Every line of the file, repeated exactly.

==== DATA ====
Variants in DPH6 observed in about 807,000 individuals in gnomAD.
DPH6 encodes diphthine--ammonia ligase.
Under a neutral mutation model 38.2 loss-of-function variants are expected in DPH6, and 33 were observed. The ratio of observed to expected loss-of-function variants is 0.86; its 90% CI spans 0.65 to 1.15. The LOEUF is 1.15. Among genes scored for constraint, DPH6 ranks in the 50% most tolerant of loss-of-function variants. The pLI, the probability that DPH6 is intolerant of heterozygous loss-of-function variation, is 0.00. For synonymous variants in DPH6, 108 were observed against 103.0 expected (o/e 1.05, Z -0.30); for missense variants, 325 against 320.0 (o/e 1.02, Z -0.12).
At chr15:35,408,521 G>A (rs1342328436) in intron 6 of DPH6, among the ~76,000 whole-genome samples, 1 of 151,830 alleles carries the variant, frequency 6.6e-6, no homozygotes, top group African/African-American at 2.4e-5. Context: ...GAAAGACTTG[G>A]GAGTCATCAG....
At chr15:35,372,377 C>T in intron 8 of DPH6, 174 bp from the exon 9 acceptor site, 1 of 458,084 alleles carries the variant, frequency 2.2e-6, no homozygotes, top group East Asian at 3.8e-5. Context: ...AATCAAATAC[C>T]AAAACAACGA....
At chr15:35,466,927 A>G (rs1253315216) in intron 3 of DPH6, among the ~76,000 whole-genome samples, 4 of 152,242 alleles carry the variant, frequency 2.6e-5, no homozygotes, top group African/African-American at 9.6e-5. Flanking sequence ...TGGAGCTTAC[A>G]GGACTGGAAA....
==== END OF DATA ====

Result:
Variants in DPH6 observed in about 807,000 individuals in gnomAD.
DPH6 encodes diphthine--ammonia ligase.
Under a neutral mutation model 38.2 loss-of-function variants are expected in DPH6, and 33 were observed. The ratio of observed to expected loss-of-function variants is 0.86; its 90% CI spans 0.65 to 1.15. The LOEUF is 1.15. Among genes scored for constraint, DPH6 ranks in the 50% most tolerant of loss-of-function variants. The pLI, the probability that DPH6 is intolerant of heterozygous loss-of-function variation, is 0.00. For synonymous variants in DPH6, 108 were observed against 103.0 expected (o/e 1.05, Z -0.30); for missense variants, 325 against 320.0 (o/e 1.02, Z -0.12).
At chr15:35,408,521 G>A (rs1342328436) in intron 6 of DPH6, among the ~76,000 whole-genome samples, 1 of 151,830 alleles carries the variant, frequency 6.6e-6, no homozygotes, top group African/African-American at 2.4e-5. Context: ...GAAAGACTTG[G>A]GAGTCATCAG....
At chr15:35,372,377 C>T in intron 8 of DPH6, 174 bp from the exon 9 acceptor site, 1 of 458,084 alleles carries the variant, frequency 2.2e-6, no homozygotes, top group East Asian at 3.8e-5. Context: ...AATCAAATAC[C>T]AAAACAACGA....
At chr15:35,466,927 A>G (rs1253315216) in intron 3 of DPH6, among the ~76,000 whole-genome samples, 4 of 152,242 alleles carry the variant, frequency 2.6e-5, no homozygotes, top group African/African-American at 9.6e-5. Flanking sequence ...TGGAGCTTAC[A>G]GGACTGGAAA....